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Free energy, precision and learning: the role of cholinergic neuromodulation


Moran, R J; Campo, P; Symmonds, M; Stephan, K E; Dolan, R J; Friston, K J (2013). Free energy, precision and learning: the role of cholinergic neuromodulation. Journal of Neuroscience, 33(19):8227-8236.

Abstract

Acetylcholine (ACh) is a neuromodulatory transmitter implicated in perception and learning under uncertainty. This study combined computational simulations and pharmaco-electroencephalography in humans, to test a formulation of perceptual inference based upon the free energy principle. This formulation suggests that ACh enhances the precision of bottom-up synaptic transmission in cortical hierarchies by optimizing the gain of supragranular pyramidal cells. Simulations of a mismatch negativity paradigm predicted a rapid trial-by-trial suppression of evoked sensory prediction error (PE) responses that is attenuated by cholinergic neuromodulation. We confirmed this prediction empirically with a placebo-controlled study of cholinesterase inhibition. Furthermore, using dynamic causal modeling, we found that drug-induced differences in PE responses could be explained by gain modulation in supragranular pyramidal cells in primary sensory cortex. This suggests that ACh adaptively enhances sensory precision by boosting bottom-up signaling when stimuli are predictable, enabling the brain to respond optimally under different levels of environmental uncertainty.

Abstract

Acetylcholine (ACh) is a neuromodulatory transmitter implicated in perception and learning under uncertainty. This study combined computational simulations and pharmaco-electroencephalography in humans, to test a formulation of perceptual inference based upon the free energy principle. This formulation suggests that ACh enhances the precision of bottom-up synaptic transmission in cortical hierarchies by optimizing the gain of supragranular pyramidal cells. Simulations of a mismatch negativity paradigm predicted a rapid trial-by-trial suppression of evoked sensory prediction error (PE) responses that is attenuated by cholinergic neuromodulation. We confirmed this prediction empirically with a placebo-controlled study of cholinesterase inhibition. Furthermore, using dynamic causal modeling, we found that drug-induced differences in PE responses could be explained by gain modulation in supragranular pyramidal cells in primary sensory cortex. This suggests that ACh adaptively enhances sensory precision by boosting bottom-up signaling when stimuli are predictable, enabling the brain to respond optimally under different levels of environmental uncertainty.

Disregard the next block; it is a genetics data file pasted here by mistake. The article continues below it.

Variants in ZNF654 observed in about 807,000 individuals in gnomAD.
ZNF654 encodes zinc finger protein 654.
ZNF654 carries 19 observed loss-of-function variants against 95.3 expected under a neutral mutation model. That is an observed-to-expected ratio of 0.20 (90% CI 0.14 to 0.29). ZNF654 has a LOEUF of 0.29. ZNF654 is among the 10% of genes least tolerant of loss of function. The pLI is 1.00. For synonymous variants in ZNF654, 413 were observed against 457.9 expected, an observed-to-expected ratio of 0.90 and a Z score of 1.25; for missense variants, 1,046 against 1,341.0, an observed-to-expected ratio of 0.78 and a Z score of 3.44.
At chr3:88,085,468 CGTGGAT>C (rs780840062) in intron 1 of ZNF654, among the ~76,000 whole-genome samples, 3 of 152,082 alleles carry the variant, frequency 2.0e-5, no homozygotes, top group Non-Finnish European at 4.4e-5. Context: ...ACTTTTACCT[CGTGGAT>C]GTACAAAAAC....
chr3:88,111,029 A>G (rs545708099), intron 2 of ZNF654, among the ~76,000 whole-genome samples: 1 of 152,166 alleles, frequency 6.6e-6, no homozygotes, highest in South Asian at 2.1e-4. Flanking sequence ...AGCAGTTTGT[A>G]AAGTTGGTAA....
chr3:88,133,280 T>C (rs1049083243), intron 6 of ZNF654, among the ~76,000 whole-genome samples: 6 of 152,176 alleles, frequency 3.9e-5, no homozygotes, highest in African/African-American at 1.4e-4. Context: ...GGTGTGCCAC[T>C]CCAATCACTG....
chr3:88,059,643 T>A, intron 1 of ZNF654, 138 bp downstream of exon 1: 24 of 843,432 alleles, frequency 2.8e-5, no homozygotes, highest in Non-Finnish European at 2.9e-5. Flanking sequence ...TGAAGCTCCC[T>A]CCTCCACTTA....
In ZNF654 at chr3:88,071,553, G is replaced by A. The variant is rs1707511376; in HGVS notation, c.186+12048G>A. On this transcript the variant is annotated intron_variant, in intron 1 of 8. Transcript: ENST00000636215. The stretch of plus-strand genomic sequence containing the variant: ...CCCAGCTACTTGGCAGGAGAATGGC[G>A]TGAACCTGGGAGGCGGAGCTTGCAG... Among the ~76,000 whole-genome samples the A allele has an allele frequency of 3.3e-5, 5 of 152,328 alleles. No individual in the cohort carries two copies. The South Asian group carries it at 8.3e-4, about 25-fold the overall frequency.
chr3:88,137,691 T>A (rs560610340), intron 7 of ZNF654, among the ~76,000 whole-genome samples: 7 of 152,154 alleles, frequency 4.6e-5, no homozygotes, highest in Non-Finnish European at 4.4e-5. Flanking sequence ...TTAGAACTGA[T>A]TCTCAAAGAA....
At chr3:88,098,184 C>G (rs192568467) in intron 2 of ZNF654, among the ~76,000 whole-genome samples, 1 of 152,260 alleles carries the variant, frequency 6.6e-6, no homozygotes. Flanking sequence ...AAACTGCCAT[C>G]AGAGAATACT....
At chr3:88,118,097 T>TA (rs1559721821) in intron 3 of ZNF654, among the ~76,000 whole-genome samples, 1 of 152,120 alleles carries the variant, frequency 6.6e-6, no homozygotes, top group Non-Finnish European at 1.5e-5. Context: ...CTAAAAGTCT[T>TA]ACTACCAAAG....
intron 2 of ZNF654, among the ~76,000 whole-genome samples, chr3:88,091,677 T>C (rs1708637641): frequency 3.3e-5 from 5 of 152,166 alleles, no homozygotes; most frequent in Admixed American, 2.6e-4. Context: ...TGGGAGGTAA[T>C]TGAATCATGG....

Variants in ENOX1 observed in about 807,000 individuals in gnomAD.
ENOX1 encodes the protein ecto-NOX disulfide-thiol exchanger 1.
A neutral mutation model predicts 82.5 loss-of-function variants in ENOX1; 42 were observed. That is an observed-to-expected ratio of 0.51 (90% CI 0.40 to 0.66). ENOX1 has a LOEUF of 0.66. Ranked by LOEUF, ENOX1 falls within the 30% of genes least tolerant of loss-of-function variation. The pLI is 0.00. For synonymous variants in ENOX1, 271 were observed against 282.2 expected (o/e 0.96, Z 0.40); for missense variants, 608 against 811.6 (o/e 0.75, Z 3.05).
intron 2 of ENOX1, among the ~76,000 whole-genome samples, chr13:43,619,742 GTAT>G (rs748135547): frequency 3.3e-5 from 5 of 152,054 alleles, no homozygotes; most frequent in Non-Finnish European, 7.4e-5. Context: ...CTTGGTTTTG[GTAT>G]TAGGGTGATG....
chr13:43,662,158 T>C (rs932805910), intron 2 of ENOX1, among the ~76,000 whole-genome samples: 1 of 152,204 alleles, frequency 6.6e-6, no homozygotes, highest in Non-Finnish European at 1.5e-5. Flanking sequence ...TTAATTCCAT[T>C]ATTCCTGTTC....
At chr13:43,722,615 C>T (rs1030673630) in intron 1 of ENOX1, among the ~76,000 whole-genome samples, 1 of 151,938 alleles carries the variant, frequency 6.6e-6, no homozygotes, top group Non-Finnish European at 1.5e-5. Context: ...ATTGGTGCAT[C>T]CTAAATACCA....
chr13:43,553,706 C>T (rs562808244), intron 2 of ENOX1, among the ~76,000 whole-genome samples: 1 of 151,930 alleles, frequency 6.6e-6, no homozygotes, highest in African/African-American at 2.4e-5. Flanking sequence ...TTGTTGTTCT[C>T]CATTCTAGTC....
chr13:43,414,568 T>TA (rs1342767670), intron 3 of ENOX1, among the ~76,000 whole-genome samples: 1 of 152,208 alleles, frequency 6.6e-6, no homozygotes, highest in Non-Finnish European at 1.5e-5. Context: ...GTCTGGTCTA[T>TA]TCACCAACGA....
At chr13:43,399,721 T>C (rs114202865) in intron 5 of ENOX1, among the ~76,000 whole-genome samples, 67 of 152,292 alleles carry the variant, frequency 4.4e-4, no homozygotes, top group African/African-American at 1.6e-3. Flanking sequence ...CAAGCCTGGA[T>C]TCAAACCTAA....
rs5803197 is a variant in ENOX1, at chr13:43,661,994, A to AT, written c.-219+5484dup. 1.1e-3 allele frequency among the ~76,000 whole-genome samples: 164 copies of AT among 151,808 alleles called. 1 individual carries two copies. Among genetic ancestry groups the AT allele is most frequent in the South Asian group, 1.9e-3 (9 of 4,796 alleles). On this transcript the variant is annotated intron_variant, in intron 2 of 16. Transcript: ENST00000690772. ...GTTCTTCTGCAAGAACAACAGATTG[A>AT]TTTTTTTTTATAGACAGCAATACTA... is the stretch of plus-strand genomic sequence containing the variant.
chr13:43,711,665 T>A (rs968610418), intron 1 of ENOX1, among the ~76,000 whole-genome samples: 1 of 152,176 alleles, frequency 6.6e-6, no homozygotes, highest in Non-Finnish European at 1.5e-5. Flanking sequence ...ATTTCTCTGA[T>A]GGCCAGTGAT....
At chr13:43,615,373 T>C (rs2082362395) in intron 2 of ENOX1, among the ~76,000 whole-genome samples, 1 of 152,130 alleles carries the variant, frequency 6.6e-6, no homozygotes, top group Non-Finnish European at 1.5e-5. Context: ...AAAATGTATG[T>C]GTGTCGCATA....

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Additional indexing

Item Type:Journal Article, refereed, original work
Communities & Collections:04 Faculty of Medicine > Institute of Biomedical Engineering
Dewey Decimal Classification:170 Ethics
610 Medicine & health
Language:English
Date:8 May 2013
Deposited On:03 Sep 2013 11:41
Last Modified:05 Apr 2016 16:47
Publisher:Society for Neuroscience
ISSN:0270-6474
Free access at:Publisher DOI. An embargo period may apply.
Publisher DOI:https://doi.org/10.1523/JNEUROSCI.4255-12.2013

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